BFAR proposes purchase of 27 patrol boats to monitor fisheries violations
The Bureau of Fisheries and Aquatic Resources (BFAR) has proposed the purchase of 27 patrol boats from local manufacturers to boost its marine protection capability.
The proposed purchase, estimated at P189 million, has been forwarded to the Department of Budget and Management (DBM). BFAR director Asis Perez said the boats would be made of fiberglass to make them last for about two decades. Wooden patrol boats, he said, has a life span of only about three years.
Perez said the new patrol boats would be fitted with armaments in the future.
The BFAR has only ten existing boats in the country, two of them servicing the southern shores, from the Moro Gulf to the Davao Gulf, and are being utilized by the Coast Guard. These were made of fiberglass or steel and have machine guns and have a length of 45 meters.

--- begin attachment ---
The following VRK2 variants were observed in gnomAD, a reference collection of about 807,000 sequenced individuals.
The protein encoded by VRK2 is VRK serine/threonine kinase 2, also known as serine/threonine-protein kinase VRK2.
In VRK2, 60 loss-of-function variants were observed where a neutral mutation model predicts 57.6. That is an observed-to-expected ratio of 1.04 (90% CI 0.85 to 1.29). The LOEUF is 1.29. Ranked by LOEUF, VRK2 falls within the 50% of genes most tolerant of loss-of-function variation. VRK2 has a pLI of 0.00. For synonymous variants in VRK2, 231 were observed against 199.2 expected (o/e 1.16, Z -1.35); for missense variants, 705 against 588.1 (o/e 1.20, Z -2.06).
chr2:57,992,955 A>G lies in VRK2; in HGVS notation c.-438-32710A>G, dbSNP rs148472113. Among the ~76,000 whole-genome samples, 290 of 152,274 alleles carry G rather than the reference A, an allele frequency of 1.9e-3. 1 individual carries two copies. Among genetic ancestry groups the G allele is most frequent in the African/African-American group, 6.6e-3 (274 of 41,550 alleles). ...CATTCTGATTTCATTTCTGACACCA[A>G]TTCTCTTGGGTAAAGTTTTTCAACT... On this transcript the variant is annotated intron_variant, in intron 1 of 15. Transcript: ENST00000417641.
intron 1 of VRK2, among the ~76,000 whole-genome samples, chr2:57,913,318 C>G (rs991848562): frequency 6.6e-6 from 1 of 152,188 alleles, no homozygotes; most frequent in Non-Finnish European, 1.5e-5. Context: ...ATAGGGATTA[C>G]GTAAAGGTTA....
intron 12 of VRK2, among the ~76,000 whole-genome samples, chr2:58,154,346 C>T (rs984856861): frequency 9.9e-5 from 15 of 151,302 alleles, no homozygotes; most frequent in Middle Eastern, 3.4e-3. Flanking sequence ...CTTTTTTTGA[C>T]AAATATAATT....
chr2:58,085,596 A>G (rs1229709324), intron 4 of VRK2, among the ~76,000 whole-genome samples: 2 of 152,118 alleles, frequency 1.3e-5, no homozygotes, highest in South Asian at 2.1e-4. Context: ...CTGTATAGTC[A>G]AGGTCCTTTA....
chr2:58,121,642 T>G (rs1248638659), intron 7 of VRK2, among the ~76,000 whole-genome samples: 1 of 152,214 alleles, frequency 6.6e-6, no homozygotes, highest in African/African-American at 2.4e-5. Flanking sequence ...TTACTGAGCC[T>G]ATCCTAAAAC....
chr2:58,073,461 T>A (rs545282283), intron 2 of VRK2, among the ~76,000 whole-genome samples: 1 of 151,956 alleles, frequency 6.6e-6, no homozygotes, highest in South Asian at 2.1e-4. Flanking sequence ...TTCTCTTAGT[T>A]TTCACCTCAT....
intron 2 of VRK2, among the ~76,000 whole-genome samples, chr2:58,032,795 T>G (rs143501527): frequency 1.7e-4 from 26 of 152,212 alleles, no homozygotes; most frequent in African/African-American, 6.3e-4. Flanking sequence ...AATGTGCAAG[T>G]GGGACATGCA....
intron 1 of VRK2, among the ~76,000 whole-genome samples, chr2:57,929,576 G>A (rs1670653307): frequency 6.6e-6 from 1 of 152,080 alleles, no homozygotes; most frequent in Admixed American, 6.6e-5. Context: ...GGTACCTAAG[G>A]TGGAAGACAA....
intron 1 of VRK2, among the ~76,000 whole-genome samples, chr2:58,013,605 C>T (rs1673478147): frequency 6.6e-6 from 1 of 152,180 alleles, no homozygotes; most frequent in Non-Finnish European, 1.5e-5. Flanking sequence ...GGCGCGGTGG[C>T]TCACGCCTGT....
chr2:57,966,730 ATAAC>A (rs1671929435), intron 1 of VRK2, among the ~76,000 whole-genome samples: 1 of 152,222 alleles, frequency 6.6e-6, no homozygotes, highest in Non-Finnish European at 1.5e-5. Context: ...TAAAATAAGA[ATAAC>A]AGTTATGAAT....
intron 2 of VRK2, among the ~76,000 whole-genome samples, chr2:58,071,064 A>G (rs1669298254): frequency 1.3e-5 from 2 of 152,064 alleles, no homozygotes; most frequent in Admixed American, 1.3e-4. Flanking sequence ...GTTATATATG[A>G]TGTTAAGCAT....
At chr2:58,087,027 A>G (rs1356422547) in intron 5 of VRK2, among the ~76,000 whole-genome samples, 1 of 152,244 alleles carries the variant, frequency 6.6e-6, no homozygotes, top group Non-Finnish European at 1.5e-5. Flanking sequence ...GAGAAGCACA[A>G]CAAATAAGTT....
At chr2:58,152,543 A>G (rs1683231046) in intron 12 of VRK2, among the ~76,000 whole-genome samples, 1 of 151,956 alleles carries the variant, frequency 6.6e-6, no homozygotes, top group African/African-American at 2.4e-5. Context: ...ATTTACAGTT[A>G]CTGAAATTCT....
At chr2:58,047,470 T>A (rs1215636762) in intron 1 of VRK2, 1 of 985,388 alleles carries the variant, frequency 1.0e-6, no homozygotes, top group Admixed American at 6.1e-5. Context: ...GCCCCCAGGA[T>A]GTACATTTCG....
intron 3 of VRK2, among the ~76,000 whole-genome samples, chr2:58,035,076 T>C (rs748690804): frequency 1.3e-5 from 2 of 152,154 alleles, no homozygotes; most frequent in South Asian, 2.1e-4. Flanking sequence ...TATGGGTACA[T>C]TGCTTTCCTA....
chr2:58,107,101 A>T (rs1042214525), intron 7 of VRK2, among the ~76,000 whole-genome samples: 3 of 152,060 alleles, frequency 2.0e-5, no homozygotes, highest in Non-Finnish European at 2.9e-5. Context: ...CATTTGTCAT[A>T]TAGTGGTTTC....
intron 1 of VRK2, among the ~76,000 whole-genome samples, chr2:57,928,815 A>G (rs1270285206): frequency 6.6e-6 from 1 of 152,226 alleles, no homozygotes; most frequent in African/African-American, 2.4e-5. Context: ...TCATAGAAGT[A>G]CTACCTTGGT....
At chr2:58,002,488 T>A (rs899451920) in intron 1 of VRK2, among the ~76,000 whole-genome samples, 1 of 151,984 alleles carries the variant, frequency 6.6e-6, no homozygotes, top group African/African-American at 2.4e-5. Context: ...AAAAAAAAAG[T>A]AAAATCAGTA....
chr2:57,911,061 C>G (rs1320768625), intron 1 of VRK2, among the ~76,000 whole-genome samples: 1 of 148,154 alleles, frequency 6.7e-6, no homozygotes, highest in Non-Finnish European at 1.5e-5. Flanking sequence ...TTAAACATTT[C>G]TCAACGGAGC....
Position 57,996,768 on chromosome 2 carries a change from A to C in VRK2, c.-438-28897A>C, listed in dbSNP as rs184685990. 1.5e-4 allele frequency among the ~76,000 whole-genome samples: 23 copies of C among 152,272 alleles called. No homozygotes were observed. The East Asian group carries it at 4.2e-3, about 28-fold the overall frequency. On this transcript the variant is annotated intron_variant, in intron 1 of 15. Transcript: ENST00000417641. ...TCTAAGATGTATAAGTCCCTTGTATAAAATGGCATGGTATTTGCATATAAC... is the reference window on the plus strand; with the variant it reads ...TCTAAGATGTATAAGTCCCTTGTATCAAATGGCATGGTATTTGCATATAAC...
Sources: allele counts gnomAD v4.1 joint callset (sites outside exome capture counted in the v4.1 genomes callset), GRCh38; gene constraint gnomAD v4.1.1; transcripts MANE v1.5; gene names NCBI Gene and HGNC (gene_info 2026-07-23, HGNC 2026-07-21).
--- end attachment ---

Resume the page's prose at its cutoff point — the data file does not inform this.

Fatma Idris, BFAR director for the Davao Region, said the two boats have BFAR personnel. “These are the MCS type, or the monitoring, control and surveillance boats,” she said.
If the boats are acquired soon, Perez said BFAR will be able to increase its capability to monitor, not only poaching in our international waters, but violations within our municipal waters.
He said domestic violations, especially dynamite-fishing, have been “the most destructive and posed immediate concern because they damage a wider area for every blast”.
Aggregate estimated damage from all monitored and unmonitored blasting would affect up to two million cubic meters of marine life. Dynamite fishers use less than one liter of TNT (trinitrotoluene, the active ingredient of explosives but Perez said “now, some are using one liter of explosives.”
Perez noted that from a sample controlled explosion, a blast from one dynamite would affect an area of 100 meters and a depth of five meters. He said what is immediately visible are dead fish floating but the blast actually kills the fingerlings from as far as 100 meters.”. (MindaNews)